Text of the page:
Orthodox worship is unlike any other form of Christian worship, revealing the union between heaven and earth made possible by Christ.
The liturgies of the Orthodox Church are often described as 'mystical', 'solemn', or just plain 'beautiful'. And indeed they are all of these things. Because the task of liturgy in Orthodox Christianity is to serve as an icon (or image) of heaven, and to reveal to participants the fundamental relationship between the life of this world, and the life of the world to come.
WHat is liturgy like?
“The liturgy of the Church is cosmical and eschatological because the Church is cosmical and eschatological; but the Church would not have been cosmical and eschatological had she not been given, as the very source and constitution of her life and faith, the experience of the new creation, the experience and vision of the Kingdom which is to come.” Father Alexander Schmemann
Some people can find the liturgy of the Orthodox Church bewildering at first, while others are immediately swept up in its beauty and drama. Maybe it depends on who you are and how you experience things like poetry, art, and music, or maybe not. What can be said is that Orthodox liturgy is unlike one's normal experience on the street; at exactly the same time, it actually comprehends all our experience on the street. For if liturgy is the meeting place between heaven and earth, it is also a place to which we bring all our burdens, experiences, thoughts, and offerings, and set them before the Almighty. And the Almighty, knowing all our burdens, experiences, thoughts, and offerings before we do, accepts them all, sanctifies us in return, and sends us back out into the world to live them all over again.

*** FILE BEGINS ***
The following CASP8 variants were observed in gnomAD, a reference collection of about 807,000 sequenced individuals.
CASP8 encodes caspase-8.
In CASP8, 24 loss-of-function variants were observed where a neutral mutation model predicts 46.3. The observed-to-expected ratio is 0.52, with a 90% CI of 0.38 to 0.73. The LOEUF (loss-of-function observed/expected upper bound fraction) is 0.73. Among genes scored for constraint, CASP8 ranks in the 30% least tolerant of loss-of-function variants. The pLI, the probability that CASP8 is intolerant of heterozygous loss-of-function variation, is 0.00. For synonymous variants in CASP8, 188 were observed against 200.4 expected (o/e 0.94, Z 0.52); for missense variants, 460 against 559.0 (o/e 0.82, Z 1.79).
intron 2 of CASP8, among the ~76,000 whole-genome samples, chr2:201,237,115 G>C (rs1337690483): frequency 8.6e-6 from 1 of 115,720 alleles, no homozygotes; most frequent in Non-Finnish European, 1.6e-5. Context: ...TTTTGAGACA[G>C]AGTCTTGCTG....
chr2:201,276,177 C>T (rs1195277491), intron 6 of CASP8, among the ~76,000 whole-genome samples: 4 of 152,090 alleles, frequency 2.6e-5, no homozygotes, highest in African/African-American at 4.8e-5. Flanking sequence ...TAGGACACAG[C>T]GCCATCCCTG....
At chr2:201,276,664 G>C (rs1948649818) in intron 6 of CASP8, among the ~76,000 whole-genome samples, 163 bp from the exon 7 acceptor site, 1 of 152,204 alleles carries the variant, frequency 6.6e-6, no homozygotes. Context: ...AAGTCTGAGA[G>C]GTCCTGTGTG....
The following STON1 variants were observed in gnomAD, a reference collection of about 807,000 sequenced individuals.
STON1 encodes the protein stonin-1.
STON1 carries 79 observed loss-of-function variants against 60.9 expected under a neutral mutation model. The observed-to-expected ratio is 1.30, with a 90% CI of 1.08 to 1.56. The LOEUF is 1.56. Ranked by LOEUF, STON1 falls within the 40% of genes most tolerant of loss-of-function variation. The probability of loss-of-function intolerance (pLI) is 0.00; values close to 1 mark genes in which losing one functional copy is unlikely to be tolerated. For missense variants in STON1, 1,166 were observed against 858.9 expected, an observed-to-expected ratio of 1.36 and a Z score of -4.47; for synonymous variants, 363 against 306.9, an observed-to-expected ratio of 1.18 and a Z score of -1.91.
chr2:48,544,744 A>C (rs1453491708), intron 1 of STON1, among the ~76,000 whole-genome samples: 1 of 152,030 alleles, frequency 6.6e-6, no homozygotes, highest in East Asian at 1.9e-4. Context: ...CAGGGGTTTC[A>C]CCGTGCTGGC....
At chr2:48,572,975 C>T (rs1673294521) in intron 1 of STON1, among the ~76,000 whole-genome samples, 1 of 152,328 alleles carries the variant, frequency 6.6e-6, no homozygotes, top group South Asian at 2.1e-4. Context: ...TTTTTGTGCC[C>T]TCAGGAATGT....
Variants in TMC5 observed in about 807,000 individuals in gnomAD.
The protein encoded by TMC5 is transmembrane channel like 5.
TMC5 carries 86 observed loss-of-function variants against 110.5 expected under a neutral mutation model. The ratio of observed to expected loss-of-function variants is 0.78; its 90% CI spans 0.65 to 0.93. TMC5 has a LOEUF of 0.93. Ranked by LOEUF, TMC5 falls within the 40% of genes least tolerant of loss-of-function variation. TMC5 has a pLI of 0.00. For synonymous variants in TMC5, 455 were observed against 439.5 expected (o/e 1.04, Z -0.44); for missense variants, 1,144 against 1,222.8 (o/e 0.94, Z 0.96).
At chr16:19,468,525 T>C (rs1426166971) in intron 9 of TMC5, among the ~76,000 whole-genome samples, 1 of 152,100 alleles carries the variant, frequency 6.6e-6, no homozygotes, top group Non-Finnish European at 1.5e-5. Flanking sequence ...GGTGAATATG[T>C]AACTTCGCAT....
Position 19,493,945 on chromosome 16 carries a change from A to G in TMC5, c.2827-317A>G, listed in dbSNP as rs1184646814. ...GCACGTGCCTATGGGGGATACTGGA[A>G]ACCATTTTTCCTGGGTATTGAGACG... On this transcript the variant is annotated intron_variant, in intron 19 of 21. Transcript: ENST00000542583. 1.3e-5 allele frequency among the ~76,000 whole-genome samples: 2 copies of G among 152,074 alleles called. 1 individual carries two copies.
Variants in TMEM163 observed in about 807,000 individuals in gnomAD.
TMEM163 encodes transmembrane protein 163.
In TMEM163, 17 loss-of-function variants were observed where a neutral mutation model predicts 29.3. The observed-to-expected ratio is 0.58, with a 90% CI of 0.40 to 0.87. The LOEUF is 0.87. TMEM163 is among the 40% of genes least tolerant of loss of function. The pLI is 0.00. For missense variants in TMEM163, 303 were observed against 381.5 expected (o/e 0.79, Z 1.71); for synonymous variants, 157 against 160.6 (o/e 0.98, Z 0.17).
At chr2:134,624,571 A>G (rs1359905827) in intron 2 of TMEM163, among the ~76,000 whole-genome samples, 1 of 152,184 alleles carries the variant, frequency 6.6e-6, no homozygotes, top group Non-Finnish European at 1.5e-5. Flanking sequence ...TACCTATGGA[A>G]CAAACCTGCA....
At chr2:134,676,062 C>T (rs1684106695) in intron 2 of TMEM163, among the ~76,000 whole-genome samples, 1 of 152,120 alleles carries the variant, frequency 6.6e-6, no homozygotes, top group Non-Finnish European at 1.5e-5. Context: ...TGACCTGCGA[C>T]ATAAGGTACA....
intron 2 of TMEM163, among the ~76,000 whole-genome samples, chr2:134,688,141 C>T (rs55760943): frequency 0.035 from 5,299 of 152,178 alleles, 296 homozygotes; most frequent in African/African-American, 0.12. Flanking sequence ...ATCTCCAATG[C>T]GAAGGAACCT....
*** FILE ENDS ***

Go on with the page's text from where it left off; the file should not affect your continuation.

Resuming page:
This procession to the church for liturgy, and our subsequent return into the world, is a cycle that replicates the movement of God into the world in the Word-Made-Flesh, and His return to heaven via the Ascension. It is a cosmic movement that we undertake to show forth in our ritual, and for this reason our ritual is rich in symbolic sights, sounds, and smells. Anyone who attends the Divine Liturgy, for example, will be immediately struck with three things in particular: the way the space is 'decorated' (with icons or the Lord, the Theotokos, the angels, and the saints); the fact that few words are actually 'spoken', but rather that almost everything is chanted; the clouds and smell of incense that permeates the atmosphere.
Orthodox liturgy is timeless
The great Christian writer, C.S. Lewis, once said, 'That which is not eternal is eternally out of date'. This is something that Orthodoxy well understands, which is why the things we do in liturgy - the rituals we undertake, the hymns we sing, the words we use - are nothing like that which you might find in the world outside the church doors. There is nothing at all wrong with liking popular music, or jazz, or classical, just as there is nothing wrong with liking the paintings of Kandinsky, Chagall, or Warhol, or the poetry of Donne, Eliot, or Cohen, but none of these will be found in an Orthodox Church, for the music, images, and words we offer there are precisely not a matter of personal taste, or meant to reflect any other time than eternity.